Securitization of the U.S. Banking Industry
Securitization is a lucrative business in which illiquid assets such as loans and mortgages are packaged into securities that can be traded on financial markets. It is recognized as a major contributor to the financial crisis. While banks were historically banned from securities markets under Glass–Steagall Act of 1933, they managed to encroach into securities markets through a series of deregulation since the 1980s. Securitization became a legal, viable, and favorable means for banks to boost financial performance and reduce regulatory burden.
This project consists of U.S. bank holding companies from 2001 to 2007. The selection of 2001 as the beginning year has both substantive and technical considerations. First, the Gramm–Leach–Bliley Act of 1999 and the Commodity Futures Modernization Act of 2000 marked the final victory of over two decades of financial deregulation. Banks in the new millennium fully enjoyed the free pass to expand their business lines in a lightly regulated environment. Second, the report of securitization activities by bank holding companies to the Federal Reserve became mandatory since 2001. The second half of 2007 marked the outset of the financial crisis, featured by the collapse of MBS market. Securitization by banks followed a different path since then. Therefore, 2007 is selected as the end of the study. Major data source of this quantitative analysis is the Federal Reserve.
Below provides some descriptive summary statistics of measures of securitization. Data is collected from FR Y-9C form (Consolidated Financial Statements for Bank Holding Companies, commonly known as “Call Report”). The Federal Reserve Bank of Chicago provides raw data of FR Y-9C here.
Fig 1. Holdings of Securities of Bank Holding Companies by Security Type, 2001–07
Fig 2. Holdings of Non-Agency Securities of Bank Holding Companies, 2001–07
Figure 1 documents the longitudinal trend of on-balance sheet holdings of securities of bank holding companies. From 2001 to 2007, total holdings of securities grew from $1,430.23 billion to $2,196.54 billion, or a 53.58% increase. Holdings of agency securities (securities issued by government-sponsored enterprises, notably Fannie Mae and Freddie Mac) made up the majority of total holdings of securities. However, non-agency securities witnessed a more remarkable growth, from $170.30 billion in 2001 to $413.59 billion in 2007, or a 142.86% increase, compared to a 37.50% increase for holdings of agency securities, which can be seen more clear in Figure 2. Note that non-agency securities grew more rapidly after 2004, contributed by the expansion of subprime mortgage market.
Fig 3. Holdings of Agency Securities Scaled by Total Asset by Peer Group, 2001–07
Almost all bank holding companies reported holdings of agency securities from 2001 to 2007. Percentage-wise, oldings of agency securities do not differ much across banks. Figure 3 shows agency securities as a percentage of total assets across peer groups. Peer group is defined by Bank Holding Company Performance Report (BHCPR), BHCPRs divide bank holding companies into several groups according to their assets.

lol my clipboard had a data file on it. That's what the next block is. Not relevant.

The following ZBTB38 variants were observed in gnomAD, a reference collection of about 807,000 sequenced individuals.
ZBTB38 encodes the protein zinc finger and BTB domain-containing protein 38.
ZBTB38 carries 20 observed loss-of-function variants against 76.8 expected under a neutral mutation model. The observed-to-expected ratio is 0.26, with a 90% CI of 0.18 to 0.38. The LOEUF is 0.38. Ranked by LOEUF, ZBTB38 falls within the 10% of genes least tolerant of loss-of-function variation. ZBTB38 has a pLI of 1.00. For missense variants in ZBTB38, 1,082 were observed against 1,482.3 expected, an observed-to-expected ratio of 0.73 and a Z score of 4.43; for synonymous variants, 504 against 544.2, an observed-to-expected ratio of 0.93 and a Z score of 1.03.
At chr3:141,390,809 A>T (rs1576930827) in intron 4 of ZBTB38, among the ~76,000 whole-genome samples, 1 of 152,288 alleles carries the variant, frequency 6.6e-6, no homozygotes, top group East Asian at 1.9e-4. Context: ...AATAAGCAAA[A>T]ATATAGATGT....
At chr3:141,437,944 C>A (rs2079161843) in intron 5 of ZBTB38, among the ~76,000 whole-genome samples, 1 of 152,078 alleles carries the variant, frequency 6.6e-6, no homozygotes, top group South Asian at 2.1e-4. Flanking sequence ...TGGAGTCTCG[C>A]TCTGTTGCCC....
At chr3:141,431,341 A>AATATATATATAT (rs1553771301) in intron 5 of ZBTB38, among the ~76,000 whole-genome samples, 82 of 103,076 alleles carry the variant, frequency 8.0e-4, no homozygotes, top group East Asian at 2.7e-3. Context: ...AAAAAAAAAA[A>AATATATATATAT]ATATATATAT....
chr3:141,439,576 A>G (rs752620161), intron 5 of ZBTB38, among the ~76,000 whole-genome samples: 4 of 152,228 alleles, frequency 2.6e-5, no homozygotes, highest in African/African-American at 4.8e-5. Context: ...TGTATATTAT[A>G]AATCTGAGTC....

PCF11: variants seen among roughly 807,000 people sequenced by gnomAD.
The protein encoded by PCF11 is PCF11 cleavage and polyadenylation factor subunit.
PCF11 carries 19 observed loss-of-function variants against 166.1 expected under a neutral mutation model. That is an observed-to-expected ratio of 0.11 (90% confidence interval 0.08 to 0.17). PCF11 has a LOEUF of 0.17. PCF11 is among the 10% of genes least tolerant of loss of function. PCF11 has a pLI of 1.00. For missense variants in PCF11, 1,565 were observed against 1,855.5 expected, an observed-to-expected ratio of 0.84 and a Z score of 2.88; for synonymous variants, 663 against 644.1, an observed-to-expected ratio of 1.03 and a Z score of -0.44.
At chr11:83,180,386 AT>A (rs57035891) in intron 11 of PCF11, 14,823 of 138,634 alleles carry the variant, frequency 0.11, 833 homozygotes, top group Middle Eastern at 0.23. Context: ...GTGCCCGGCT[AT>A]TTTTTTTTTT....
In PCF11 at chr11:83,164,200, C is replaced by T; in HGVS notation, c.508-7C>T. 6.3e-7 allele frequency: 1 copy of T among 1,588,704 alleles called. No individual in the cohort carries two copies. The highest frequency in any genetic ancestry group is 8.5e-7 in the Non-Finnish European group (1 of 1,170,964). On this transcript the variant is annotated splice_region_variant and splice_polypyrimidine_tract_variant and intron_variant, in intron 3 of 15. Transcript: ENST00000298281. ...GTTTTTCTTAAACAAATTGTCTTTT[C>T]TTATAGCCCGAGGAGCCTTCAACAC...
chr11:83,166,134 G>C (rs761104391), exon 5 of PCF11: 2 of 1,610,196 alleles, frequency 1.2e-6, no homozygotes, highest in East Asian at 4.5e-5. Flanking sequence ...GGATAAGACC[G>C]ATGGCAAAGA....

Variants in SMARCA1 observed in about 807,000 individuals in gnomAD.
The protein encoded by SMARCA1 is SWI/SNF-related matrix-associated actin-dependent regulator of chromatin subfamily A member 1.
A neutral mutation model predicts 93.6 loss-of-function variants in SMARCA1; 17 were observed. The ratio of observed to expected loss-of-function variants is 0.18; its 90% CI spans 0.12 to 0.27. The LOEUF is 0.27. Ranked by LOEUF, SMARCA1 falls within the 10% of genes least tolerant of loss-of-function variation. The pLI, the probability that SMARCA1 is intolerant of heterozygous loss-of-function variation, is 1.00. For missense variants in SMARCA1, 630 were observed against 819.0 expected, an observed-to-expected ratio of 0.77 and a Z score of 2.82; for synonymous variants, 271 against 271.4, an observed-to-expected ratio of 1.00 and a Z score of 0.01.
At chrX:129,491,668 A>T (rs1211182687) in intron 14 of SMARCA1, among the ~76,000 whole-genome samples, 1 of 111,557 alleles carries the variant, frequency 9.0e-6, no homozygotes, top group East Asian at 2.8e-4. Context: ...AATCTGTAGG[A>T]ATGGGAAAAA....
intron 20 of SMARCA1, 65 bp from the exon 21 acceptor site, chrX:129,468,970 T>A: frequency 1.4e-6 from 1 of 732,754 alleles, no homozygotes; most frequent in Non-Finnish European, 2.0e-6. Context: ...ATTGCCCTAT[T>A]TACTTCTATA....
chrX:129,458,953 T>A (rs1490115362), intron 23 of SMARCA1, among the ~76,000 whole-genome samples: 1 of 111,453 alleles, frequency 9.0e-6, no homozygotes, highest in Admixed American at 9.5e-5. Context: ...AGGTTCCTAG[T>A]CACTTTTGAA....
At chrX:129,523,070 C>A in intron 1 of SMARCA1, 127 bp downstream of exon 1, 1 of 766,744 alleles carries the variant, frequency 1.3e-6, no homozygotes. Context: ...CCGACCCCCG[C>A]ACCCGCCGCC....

Fig 4. Percentage of Bank Holding Companies with Holdings of Non-Agency Securities by Peer Group, 2001–07
Fig 5. Holdings of Non-Agency Securities Scaled by Total Asset by Peer Group, 2001–07
Holdings of non-agency securities, however, vary. First, not all banks held non-agency securities. According to Figure 4, while around 85% of bank holding companies in Peer Group 1 reported non-agency securities, the percentage drops to around 60% for Peer Group 2, around 45% for Peer Group 3, and around 30% for Peer Group 4. Second, non-agency securities are more concentrated in larger banks. Figure 5 documents non-agency securities as a percentage of total assets across peer groups. In contrast to agency securities (Figure 3), larger banks had significantly higher holdings than smaller banks, percentage-wise.
Fig 6. Outstanding Principal Balance of Securitization Activities of Bank Holding Companies by Underlying Asset, 2001–07
Figure 6 presents yet another measure of securitization: Securitization activities. Note this can be both on- and off-balance sheet. It reports the outstanding principal balance of assets securitized and sold by banks, which witnessed a decrease from $1,299.14 billion in 2001 to $786.42 billion in 2003 before bouncing up. At the year end of 2007, all bank holding companies reported $1,765.60 billion of outstanding principal balance of securitization activities. Figure 6 also shows that securitization activities with underlying asset of mortgages consistently made up the majority of securitization activities from 2001 to 2007, followed by those with underlying asset of credit card receivables.
Fig 7. Percentage of Bank Holding Companies with Securitization Activities by Peer Group, 2001–07
Fig 8. Outstanding Principal Balance of Securitization Activities Scaled by Total Asset by Peer Group, 2001–07
Not all banks engage in securitization activities. Figure 7 shows that while most of the bank holding companies in Peer Group 1 engaged in securitization activities, very few in Peer Groups 2, 3, and 4 reported securitization activities from 2001 to 2007. However, unlike holdings of non-agency securities (Figure 5), Figure 8 does not demonstrate a clear relationship between bank size and relative size of securitization activities. Instead, it shows a fluctuating pattern both across peer groups and over years.